Sheep are an important part of Australia’s history, and export industry.

They were brought to Australia with the First Fleet of convicts and soldiers on 26 January 1788. Initially they were only to provide meat for the new colony (LandLearn NSW).

In the early years, Spanish Merino sheep were developed by John and Elizabeth Macarthur, which were better suited to the hot Australian summers.

Yass Valley and nearby Boorowa and Harden Shires of New South Wales are among the important sheep raising areas of Australia, for meat and fine wool production.

Some woolly fast facts:

  • ‘The Australian national sheep flock is 74.7 million head.’ (Meat and Livestock Australia 2013)
  • ‘Australia produces approximately 6% of the world’s lamb and mutton supply.’ (MLA 2013)
  • ‘Australia is the largest wool-producing country in the world.’ (australia.gov.au 2007)
  • ‘Our annual production consistently accounts for over one quarter of the world’s wool and is often valued at well over $2 billion each year. Australia is also recognised as producing the world’s highest quality woollen fibre – Australian merino wool.’ (australia.gov.au 2007)  

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Aussie icons, ‘One Shot Wonders’ series

Photo taken 17 November 2013, with Fuji FinePix S2980

‘Windouran’ property, Burley Griffin Way near Harden, New South Wales, Australia

Sources

LandLearn NSW n.d., ‘Sheep Aren’t Native Animals, So How Did They Get Here?’, NSW Dept of Primary Industries et al, accessed 28 January 2014, http://www.landlearnnsw.org.au/?a=266574.

Meat and Livestock Australia 2013, ‘Sheep’, Meat and Livestock Australia, accessed 28 January 2014, http://www.mla.com.au/Cattle-sheep-and-goat-industries/Industry-overview/Sheep.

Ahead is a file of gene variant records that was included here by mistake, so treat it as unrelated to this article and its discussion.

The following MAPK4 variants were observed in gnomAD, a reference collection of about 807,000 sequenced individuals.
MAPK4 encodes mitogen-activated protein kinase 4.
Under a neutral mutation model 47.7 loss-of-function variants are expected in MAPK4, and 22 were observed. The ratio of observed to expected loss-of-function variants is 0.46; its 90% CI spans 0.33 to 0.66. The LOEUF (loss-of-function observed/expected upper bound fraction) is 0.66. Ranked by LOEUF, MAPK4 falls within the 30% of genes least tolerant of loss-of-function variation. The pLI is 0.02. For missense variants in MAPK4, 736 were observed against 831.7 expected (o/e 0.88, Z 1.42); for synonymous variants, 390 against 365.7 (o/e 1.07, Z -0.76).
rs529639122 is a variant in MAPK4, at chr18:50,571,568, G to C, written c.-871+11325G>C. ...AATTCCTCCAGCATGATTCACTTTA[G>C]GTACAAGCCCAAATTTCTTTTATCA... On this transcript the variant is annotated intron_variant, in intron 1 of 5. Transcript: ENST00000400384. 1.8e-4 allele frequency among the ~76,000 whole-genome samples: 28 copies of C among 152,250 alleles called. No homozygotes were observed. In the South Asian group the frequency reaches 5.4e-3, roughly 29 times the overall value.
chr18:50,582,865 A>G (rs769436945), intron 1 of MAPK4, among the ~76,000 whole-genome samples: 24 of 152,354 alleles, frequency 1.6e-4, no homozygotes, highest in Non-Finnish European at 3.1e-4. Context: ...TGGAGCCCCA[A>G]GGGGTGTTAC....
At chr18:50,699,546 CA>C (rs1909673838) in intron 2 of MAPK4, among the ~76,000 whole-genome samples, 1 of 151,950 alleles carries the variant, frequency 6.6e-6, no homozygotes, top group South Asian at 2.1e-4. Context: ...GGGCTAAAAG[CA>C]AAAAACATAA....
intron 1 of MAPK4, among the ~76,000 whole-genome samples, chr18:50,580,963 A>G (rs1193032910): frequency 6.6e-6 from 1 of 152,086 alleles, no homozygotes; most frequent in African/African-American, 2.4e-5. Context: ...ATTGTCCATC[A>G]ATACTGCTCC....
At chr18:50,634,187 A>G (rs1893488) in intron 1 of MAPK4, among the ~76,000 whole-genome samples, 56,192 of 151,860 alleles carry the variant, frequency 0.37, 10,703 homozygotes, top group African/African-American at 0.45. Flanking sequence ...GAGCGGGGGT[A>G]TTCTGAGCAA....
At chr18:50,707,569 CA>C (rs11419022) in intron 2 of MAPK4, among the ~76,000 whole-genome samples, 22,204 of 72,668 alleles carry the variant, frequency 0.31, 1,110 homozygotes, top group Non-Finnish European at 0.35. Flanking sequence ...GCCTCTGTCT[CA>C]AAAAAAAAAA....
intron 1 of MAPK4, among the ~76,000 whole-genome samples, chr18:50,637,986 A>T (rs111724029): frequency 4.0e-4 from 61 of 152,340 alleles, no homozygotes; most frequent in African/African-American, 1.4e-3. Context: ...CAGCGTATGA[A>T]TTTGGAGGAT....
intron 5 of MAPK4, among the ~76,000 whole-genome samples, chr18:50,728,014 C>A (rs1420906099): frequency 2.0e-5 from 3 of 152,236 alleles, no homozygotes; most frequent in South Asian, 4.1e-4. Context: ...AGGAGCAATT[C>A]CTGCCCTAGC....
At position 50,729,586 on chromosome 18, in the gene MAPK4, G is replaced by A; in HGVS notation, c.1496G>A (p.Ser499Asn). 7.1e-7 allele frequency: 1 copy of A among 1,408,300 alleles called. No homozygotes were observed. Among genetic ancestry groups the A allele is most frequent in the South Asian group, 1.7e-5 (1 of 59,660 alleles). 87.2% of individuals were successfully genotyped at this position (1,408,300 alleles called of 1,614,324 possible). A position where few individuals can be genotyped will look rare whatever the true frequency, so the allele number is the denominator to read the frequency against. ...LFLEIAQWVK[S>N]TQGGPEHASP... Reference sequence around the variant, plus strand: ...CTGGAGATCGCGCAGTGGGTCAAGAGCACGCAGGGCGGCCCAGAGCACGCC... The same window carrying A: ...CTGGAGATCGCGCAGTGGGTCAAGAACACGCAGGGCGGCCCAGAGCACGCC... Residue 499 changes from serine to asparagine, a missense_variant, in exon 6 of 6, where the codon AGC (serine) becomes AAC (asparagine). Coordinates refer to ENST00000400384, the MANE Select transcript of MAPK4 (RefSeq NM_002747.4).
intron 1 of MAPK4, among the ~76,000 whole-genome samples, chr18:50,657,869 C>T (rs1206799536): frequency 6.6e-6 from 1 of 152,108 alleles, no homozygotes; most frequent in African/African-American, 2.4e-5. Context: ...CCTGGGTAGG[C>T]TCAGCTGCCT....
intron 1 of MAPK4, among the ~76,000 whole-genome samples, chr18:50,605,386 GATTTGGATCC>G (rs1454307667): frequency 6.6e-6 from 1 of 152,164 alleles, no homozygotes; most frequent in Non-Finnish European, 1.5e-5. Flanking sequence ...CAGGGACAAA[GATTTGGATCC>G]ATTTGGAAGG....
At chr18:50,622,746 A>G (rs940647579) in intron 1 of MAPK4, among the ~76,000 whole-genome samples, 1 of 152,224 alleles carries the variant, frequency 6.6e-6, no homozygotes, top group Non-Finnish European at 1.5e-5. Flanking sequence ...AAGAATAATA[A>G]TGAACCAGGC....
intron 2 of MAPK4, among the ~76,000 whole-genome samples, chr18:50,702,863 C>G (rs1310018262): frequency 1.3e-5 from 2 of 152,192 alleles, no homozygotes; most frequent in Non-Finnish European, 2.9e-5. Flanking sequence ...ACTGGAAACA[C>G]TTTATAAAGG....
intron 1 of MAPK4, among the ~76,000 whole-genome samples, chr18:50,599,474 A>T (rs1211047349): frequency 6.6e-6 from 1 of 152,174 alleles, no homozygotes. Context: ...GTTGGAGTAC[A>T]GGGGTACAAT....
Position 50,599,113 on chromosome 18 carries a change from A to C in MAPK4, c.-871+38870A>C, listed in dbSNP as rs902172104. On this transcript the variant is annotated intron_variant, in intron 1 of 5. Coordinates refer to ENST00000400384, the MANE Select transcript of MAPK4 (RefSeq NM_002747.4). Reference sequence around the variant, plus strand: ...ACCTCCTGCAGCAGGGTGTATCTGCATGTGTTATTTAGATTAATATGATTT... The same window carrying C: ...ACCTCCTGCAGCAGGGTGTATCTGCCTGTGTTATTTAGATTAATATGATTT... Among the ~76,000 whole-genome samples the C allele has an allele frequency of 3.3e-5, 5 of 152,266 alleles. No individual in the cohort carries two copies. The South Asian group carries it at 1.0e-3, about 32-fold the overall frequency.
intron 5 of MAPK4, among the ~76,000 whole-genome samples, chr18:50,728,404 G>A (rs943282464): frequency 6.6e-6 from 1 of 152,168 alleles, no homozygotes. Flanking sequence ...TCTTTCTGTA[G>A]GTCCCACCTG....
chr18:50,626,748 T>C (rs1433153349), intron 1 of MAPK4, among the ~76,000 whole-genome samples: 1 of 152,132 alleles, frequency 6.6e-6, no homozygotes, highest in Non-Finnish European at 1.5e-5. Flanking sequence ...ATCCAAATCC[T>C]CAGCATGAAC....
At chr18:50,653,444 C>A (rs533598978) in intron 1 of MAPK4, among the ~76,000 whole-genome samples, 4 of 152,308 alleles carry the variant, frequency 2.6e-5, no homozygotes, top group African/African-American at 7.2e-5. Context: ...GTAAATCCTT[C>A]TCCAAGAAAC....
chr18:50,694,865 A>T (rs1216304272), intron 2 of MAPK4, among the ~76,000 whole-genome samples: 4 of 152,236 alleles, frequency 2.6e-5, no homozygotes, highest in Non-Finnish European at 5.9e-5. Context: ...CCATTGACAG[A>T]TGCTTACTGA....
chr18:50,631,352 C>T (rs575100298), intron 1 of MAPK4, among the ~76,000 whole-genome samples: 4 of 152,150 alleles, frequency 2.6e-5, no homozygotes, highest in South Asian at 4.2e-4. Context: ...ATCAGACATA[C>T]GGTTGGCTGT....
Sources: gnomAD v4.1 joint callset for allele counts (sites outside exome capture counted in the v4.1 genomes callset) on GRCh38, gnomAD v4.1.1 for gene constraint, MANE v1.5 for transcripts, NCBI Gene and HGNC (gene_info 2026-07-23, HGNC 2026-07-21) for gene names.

[australia.gov.au] Dept of Finance 2007, ‘The Macarthurs and the merino sheep’, Australian Government, accessed 28 January 2014, http://australia.gov.au/about-australia/australian-story/macarthurs-and-the-merino-sheep.

Kangaroo family portrait

Kangaroo mob in the back paddock, Yass Valley, New South Wales, Australia

Say, “Leaves!”

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To celebrate Australia Day (January 26), my ‘One Shot Wonders’ this week will feature some good old Aussie icons.

So today’s Aussie icon is the kangaroo, ‘roo, boomer, Skippy…

There was a well-loved children’s television show in the late ’60s, ‘Skippy, the Bush Kangaroo’. Just about every kid I knew watched it.

My brother even looked like Sonny, the main (human) character from the show and best friend of Skippy.

Following the show, we all tried to whistle with a gum leaf (is that possible?) and thought that kangaroos made that tongue clicking sound. (The reality couldn’t have been more wrong! Ever heard a kangaroo? They grunt and blow air when angry.)

Like Lassie, Skippy always saved the day. Good on ya, Skip!

[http://upload.wikimedia.org/wikipedia/en/thumb/0/02/Skippy-dvd.jpg/200px-Skippy-dvd.jpg]

“Skippy, Skippy, Skippy the bush kangaroo.

Skippy, Skippy, Skippy our friend ever true.”  

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Aussie icons, ‘One Shot Wonders’

Photo taken Yass Valley about August 2013, with Fuji FinePix S2980

Skippy the Bush Kangaroo is an Australian television series created by John McCallum, produced from 1966–1968, telling the adventures of a young boy and his intelligent pet kangaroo, and the various visitors to the fictional Waratah National Park in Duffys Forest, near SydneyNew South Wales.

Ninety-one 30-minute episodes were made over the three seasons of production.”

[http://en.wikipedia.org/wiki/Skippy_the_Bush_Kangaroo]

January’s new joey (‘One Shot Wonders’)

A glance out the kitchen window on New Year’s Day and I was surprised to see a young female kangaroo and her little joey.